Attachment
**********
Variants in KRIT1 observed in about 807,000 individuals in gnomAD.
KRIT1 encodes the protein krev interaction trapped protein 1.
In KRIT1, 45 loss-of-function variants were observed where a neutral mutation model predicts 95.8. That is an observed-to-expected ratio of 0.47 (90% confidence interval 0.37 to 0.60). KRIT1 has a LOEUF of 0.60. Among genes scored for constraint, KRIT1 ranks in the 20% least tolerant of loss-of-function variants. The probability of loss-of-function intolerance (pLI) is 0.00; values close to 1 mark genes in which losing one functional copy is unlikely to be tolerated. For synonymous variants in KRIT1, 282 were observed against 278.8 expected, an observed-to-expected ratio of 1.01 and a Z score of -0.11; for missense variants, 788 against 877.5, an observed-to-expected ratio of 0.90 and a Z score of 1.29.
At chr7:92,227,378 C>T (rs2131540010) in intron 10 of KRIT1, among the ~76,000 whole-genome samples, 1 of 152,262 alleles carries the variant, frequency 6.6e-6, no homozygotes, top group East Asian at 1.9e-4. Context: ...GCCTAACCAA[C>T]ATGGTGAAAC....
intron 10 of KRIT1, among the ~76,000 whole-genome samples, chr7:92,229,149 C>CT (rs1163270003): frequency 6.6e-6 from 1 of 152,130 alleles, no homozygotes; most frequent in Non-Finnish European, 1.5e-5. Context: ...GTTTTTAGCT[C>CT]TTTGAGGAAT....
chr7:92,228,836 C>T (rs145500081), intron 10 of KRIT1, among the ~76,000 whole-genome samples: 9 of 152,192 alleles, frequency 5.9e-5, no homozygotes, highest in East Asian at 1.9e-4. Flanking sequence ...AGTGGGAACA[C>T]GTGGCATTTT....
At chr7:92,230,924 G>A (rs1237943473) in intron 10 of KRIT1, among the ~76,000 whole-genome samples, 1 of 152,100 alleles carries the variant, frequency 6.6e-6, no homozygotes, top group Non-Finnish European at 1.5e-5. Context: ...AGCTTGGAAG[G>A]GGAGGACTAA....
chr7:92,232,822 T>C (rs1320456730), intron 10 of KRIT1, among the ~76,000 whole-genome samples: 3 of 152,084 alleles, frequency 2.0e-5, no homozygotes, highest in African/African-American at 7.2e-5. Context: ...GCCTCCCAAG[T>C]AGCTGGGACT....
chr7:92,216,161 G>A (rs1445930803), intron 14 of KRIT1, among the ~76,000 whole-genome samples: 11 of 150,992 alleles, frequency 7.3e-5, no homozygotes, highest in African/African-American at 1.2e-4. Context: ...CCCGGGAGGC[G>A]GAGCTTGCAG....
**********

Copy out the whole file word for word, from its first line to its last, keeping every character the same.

Variants in KRIT1 observed in about 807,000 individuals in gnomAD.
KRIT1 encodes the protein krev interaction trapped protein 1.
In KRIT1, 45 loss-of-function variants were observed where a neutral mutation model predicts 95.8. That is an observed-to-expected ratio of 0.47 (90% confidence interval 0.37 to 0.60). KRIT1 has a LOEUF of 0.60. Among genes scored for constraint, KRIT1 ranks in the 20% least tolerant of loss-of-function variants. The probability of loss-of-function intolerance (pLI) is 0.00; values close to 1 mark genes in which losing one functional copy is unlikely to be tolerated. For synonymous variants in KRIT1, 282 were observed against 278.8 expected, an observed-to-expected ratio of 1.01 and a Z score of -0.11; for missense variants, 788 against 877.5, an observed-to-expected ratio of 0.90 and a Z score of 1.29.
At chr7:92,227,378 C>T (rs2131540010) in intron 10 of KRIT1, among the ~76,000 whole-genome samples, 1 of 152,262 alleles carries the variant, frequency 6.6e-6, no homozygotes, top group East Asian at 1.9e-4. Context: ...GCCTAACCAA[C>T]ATGGTGAAAC....
intron 10 of KRIT1, among the ~76,000 whole-genome samples, chr7:92,229,149 C>CT (rs1163270003): frequency 6.6e-6 from 1 of 152,130 alleles, no homozygotes; most frequent in Non-Finnish European, 1.5e-5. Context: ...GTTTTTAGCT[C>CT]TTTGAGGAAT....
chr7:92,228,836 C>T (rs145500081), intron 10 of KRIT1, among the ~76,000 whole-genome samples: 9 of 152,192 alleles, frequency 5.9e-5, no homozygotes, highest in East Asian at 1.9e-4. Flanking sequence ...AGTGGGAACA[C>T]GTGGCATTTT....
At chr7:92,230,924 G>A (rs1237943473) in intron 10 of KRIT1, among the ~76,000 whole-genome samples, 1 of 152,100 alleles carries the variant, frequency 6.6e-6, no homozygotes, top group Non-Finnish European at 1.5e-5. Context: ...AGCTTGGAAG[G>A]GGAGGACTAA....
chr7:92,232,822 T>C (rs1320456730), intron 10 of KRIT1, among the ~76,000 whole-genome samples: 3 of 152,084 alleles, frequency 2.0e-5, no homozygotes, highest in African/African-American at 7.2e-5. Context: ...GCCTCCCAAG[T>C]AGCTGGGACT....
chr7:92,216,161 G>A (rs1445930803), intron 14 of KRIT1, among the ~76,000 whole-genome samples: 11 of 150,992 alleles, frequency 7.3e-5, no homozygotes, highest in African/African-American at 1.2e-4. Context: ...CCCGGGAGGC[G>A]GAGCTTGCAG....